J.v.G. Thoma GmbH is delivering a DESERT turnkey production line to Brazil, the first of its kind and hopefully the first in many breakthroughs to leave the factory floor on their way to the largest country in South America. With a capacity of 30 MW, this is a small semi-automatic DESERT production line, but still a flagship in terms of DESERT solar module production and electricity generation in the country, now fully functional and ready to start with operation.

The machinery consists of DESERT production machines for high-efficiency DESERT solar modules built specifically for extreme hot climate, such as can be seen in deserts or in tropical areas. Made solely in Germany and built using the latest in DESERT and TROPIC module production, the systems inlcudes all cutting-edge technology.

Certified DESERT solar modules, DESERT containers, DESERT power plants and DESERT manufacturing machinery built using pioneering DESERT and TROPICS technology are now fully set up, and ready to perform. But powering on the machinery has been a long time coming. Up until recently, this advanced piece of equipment had been waiting for clearance at a port in Brazil. Now that the formalities have been dealt with, both J.v.G. Thoma and its customer in Brazil can get production under way.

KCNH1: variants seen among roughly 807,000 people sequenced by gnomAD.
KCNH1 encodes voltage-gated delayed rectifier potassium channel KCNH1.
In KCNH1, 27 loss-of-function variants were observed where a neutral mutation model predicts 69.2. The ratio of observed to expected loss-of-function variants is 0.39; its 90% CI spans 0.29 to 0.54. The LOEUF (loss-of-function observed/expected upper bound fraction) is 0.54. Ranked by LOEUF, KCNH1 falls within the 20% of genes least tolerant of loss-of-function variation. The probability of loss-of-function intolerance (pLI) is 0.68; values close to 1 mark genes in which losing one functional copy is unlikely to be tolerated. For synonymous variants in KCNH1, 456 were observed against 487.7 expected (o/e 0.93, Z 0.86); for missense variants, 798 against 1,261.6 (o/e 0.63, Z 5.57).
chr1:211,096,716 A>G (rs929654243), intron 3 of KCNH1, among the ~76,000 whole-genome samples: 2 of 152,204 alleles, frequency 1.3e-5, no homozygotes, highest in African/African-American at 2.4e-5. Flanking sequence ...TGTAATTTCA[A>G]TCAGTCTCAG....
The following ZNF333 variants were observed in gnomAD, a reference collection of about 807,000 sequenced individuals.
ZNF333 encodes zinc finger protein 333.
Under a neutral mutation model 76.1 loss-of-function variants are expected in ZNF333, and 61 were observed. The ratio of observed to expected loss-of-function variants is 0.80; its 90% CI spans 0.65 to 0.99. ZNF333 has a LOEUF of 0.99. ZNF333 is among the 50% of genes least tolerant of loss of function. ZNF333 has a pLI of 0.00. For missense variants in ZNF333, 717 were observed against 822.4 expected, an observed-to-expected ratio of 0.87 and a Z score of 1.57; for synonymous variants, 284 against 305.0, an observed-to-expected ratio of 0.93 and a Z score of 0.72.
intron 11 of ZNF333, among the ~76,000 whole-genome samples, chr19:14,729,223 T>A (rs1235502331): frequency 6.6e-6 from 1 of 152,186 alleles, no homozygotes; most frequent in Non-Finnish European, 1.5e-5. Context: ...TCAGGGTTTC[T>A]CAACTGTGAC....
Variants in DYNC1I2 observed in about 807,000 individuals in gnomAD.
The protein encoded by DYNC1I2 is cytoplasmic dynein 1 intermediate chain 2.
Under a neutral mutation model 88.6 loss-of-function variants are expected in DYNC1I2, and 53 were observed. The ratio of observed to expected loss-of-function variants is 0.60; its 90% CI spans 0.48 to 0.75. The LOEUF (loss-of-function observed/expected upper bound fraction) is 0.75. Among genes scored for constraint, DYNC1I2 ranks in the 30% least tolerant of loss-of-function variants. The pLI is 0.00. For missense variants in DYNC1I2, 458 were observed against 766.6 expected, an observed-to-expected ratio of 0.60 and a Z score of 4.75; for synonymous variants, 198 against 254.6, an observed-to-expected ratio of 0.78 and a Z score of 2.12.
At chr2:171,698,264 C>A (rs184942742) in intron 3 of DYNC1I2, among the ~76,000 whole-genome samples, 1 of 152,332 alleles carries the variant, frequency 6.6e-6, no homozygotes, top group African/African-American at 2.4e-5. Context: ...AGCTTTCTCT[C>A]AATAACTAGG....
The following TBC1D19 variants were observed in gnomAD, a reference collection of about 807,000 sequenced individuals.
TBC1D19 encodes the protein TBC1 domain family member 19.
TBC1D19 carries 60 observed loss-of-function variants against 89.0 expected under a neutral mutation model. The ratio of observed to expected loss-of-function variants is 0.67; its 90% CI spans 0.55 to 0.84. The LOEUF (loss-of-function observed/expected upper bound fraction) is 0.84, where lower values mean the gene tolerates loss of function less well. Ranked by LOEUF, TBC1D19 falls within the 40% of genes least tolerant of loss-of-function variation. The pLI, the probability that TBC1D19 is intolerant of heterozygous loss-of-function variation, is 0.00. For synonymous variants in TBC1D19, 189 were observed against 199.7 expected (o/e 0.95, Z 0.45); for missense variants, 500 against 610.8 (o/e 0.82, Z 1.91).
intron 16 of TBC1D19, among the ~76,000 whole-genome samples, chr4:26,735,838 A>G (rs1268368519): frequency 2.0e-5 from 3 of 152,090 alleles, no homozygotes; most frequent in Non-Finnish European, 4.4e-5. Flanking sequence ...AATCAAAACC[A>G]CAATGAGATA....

J.v.G. Thoma GmbH is a company whose vision has always been to harness the infinite power of the sun and convert it into an inexhaustible supply of energy. But a vision such as this requires global reach, and this project has opened new doors. Brazil is not only a gateway to South American cooperation, but also the launchpad to international reach and expansion.